Cocaine brain revealed

Some people have brains that allow them to avoid becoming addicted to drugs as powerful as cocaine, British researchers have revealed.

The study at Cambridge University, UK, has found that some "recreational" drug users have abnormally large front lobes in the brain.

This is the part of the brain linked to self-control, they say, and the unusual brain size was found in drug users who have not developed dependence.

The researchers stress that only a minority of the drug users they tested were not dependent on drugs. They found links with high levels of education and stable family backgrounds to lack of dependency.

They say they believe the unusual brain structure pre-dates drug use.

And, in contrast, those dependent on the drug had front lobes significantly reduced in size.

They have reported their findings in the journal Biological Psychiatry.

The researchers say brain scans might help tailor the right treatments for different drug users.

The research found that both kinds of drug users showed sensation-seeking personality traits. But the tendency to be impulsive and compulsive was only linked to dependence.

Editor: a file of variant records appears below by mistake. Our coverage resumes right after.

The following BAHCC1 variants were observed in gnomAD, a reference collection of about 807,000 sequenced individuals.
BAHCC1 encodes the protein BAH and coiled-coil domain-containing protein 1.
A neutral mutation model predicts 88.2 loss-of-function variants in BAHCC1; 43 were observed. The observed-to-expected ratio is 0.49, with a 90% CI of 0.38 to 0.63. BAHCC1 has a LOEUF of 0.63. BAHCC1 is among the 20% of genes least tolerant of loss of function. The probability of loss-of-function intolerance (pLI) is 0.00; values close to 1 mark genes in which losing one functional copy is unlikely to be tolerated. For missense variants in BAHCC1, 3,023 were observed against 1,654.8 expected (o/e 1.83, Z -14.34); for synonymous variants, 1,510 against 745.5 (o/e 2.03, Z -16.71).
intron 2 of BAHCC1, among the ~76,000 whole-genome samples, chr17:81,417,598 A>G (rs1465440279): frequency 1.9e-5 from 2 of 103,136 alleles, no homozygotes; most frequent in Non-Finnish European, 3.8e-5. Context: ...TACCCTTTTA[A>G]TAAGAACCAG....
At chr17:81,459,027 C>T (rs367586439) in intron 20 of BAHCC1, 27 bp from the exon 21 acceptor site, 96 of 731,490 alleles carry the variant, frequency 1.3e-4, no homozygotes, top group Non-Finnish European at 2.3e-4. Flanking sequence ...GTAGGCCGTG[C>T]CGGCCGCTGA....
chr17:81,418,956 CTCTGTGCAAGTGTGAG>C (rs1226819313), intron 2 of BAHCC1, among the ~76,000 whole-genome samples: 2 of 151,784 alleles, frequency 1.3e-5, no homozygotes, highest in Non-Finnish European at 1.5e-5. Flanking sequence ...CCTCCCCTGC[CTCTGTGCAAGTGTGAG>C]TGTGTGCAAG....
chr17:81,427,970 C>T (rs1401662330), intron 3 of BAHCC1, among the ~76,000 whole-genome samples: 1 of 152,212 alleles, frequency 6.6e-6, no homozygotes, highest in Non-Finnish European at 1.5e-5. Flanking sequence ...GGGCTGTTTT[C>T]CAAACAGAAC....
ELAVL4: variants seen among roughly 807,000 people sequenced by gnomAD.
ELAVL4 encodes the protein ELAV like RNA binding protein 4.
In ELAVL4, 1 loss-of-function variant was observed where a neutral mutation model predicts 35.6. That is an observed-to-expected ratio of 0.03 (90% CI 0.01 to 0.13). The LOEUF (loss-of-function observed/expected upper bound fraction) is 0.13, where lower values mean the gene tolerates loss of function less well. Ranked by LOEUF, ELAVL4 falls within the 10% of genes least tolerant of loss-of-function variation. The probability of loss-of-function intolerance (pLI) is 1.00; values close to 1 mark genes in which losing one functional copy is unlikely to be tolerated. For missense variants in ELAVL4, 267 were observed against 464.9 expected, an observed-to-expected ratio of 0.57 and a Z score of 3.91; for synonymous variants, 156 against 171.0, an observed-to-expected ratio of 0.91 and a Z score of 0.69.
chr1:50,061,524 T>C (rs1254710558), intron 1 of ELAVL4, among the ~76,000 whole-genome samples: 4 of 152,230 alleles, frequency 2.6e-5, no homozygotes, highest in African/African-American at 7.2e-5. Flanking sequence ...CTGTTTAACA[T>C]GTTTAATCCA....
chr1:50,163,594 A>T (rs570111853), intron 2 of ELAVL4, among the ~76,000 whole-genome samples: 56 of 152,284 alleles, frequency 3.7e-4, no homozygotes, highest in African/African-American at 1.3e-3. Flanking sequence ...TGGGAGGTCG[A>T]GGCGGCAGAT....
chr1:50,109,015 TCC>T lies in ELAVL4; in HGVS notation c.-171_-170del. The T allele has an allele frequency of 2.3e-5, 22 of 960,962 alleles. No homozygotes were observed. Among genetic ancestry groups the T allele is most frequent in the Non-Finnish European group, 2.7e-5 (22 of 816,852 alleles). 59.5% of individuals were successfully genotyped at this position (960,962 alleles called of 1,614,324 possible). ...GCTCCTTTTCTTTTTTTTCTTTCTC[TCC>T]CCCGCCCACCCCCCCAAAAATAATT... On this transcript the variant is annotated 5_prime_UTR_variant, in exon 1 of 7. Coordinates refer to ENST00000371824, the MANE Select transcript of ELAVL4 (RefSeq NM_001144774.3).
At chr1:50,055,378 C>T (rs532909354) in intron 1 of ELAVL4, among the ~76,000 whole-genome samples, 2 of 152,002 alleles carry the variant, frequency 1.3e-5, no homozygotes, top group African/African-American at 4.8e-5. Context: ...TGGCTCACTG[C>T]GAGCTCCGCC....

Researcher Dr Karen Ersche said: "These findings are important because they show that the use of cocaine does not inevitably lead to addiction in people with good self-control and no familial risk.

"Our findings indicate that preventative strategies might be more effective if they were tailored more closely to those individuals at risk according to their personality profile and brain structure."

The research follows a British Medical Association report calling for drug addicts to be treated as a health problem, not a legal problem.

Biological Psychiatry January 2013

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